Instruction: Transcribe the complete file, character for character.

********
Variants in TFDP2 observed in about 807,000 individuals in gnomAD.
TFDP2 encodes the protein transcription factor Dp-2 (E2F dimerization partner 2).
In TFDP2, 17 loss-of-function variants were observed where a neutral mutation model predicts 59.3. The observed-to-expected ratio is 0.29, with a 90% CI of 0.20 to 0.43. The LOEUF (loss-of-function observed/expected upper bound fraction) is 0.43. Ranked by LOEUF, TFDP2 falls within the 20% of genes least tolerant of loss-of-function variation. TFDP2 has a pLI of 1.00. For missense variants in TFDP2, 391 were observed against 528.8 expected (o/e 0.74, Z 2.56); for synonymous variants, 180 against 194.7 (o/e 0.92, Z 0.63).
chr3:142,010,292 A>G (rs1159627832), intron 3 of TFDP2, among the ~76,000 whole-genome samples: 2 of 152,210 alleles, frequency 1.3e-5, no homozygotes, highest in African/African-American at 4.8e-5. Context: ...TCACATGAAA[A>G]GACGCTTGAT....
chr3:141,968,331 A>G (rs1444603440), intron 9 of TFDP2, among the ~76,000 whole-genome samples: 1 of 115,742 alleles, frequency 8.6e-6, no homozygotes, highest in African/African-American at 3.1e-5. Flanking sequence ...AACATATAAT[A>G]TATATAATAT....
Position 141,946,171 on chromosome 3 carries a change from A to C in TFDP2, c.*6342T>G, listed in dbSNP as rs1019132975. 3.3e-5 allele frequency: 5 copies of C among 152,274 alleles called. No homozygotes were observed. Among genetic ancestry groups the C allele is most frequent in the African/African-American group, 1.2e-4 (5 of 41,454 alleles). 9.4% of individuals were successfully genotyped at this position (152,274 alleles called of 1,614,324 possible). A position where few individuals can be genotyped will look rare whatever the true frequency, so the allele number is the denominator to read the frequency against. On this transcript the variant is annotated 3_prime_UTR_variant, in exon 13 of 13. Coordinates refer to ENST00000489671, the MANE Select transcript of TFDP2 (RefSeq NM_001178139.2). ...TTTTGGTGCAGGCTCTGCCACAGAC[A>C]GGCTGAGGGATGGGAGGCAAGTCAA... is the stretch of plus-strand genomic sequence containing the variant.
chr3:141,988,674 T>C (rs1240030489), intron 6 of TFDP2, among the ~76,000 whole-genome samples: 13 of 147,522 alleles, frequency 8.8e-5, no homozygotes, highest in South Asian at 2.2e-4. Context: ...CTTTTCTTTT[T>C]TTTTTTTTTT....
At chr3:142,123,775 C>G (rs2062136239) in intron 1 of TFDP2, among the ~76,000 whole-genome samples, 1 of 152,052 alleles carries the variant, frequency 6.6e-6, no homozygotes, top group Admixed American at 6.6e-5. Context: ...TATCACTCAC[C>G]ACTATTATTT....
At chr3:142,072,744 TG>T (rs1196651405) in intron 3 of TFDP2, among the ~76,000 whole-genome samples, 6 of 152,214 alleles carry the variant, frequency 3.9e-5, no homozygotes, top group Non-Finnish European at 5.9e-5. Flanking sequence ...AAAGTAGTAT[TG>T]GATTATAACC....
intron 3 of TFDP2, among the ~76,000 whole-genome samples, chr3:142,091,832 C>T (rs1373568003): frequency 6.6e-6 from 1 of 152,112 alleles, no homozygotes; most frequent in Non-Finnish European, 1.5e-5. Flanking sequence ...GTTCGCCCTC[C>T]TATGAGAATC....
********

Variants in TFDP2 observed in about 807,000 individuals in gnomAD.
TFDP2 encodes the protein transcription factor Dp-2 (E2F dimerization partner 2).
In TFDP2, 17 loss-of-function variants were observed where a neutral mutation model predicts 59.3. The observed-to-expected ratio is 0.29, with a 90% CI of 0.20 to 0.43. The LOEUF (loss-of-function observed/expected upper bound fraction) is 0.43. Ranked by LOEUF, TFDP2 falls within the 20% of genes least tolerant of loss-of-function variation. TFDP2 has a pLI of 1.00. For missense variants in TFDP2, 391 were observed against 528.8 expected (o/e 0.74, Z 2.56); for synonymous variants, 180 against 194.7 (o/e 0.92, Z 0.63).
chr3:142,010,292 A>G (rs1159627832), intron 3 of TFDP2, among the ~76,000 whole-genome samples: 2 of 152,210 alleles, frequency 1.3e-5, no homozygotes, highest in African/African-American at 4.8e-5. Context: ...TCACATGAAA[A>G]GACGCTTGAT....
chr3:141,968,331 A>G (rs1444603440), intron 9 of TFDP2, among the ~76,000 whole-genome samples: 1 of 115,742 alleles, frequency 8.6e-6, no homozygotes, highest in African/African-American at 3.1e-5. Flanking sequence ...AACATATAAT[A>G]TATATAATAT....
Position 141,946,171 on chromosome 3 carries a change from A to C in TFDP2, c.*6342T>G, listed in dbSNP as rs1019132975. 3.3e-5 allele frequency: 5 copies of C among 152,274 alleles called. No homozygotes were observed. Among genetic ancestry groups the C allele is most frequent in the African/African-American group, 1.2e-4 (5 of 41,454 alleles). 9.4% of individuals were successfully genotyped at this position (152,274 alleles called of 1,614,324 possible). A position where few individuals can be genotyped will look rare whatever the true frequency, so the allele number is the denominator to read the frequency against. On this transcript the variant is annotated 3_prime_UTR_variant, in exon 13 of 13. Coordinates refer to ENST00000489671, the MANE Select transcript of TFDP2 (RefSeq NM_001178139.2). ...TTTTGGTGCAGGCTCTGCCACAGAC[A>C]GGCTGAGGGATGGGAGGCAAGTCAA... is the stretch of plus-strand genomic sequence containing the variant.
chr3:141,988,674 T>C (rs1240030489), intron 6 of TFDP2, among the ~76,000 whole-genome samples: 13 of 147,522 alleles, frequency 8.8e-5, no homozygotes, highest in South Asian at 2.2e-4. Context: ...CTTTTCTTTT[T>C]TTTTTTTTTT....
At chr3:142,123,775 C>G (rs2062136239) in intron 1 of TFDP2, among the ~76,000 whole-genome samples, 1 of 152,052 alleles carries the variant, frequency 6.6e-6, no homozygotes, top group Admixed American at 6.6e-5. Context: ...TATCACTCAC[C>G]ACTATTATTT....
At chr3:142,072,744 TG>T (rs1196651405) in intron 3 of TFDP2, among the ~76,000 whole-genome samples, 6 of 152,214 alleles carry the variant, frequency 3.9e-5, no homozygotes, top group Non-Finnish European at 5.9e-5. Flanking sequence ...AAAGTAGTAT[TG>T]GATTATAACC....
intron 3 of TFDP2, among the ~76,000 whole-genome samples, chr3:142,091,832 C>T (rs1373568003): frequency 6.6e-6 from 1 of 152,112 alleles, no homozygotes; most frequent in Non-Finnish European, 1.5e-5. Flanking sequence ...GTTCGCCCTC[C>T]TATGAGAATC....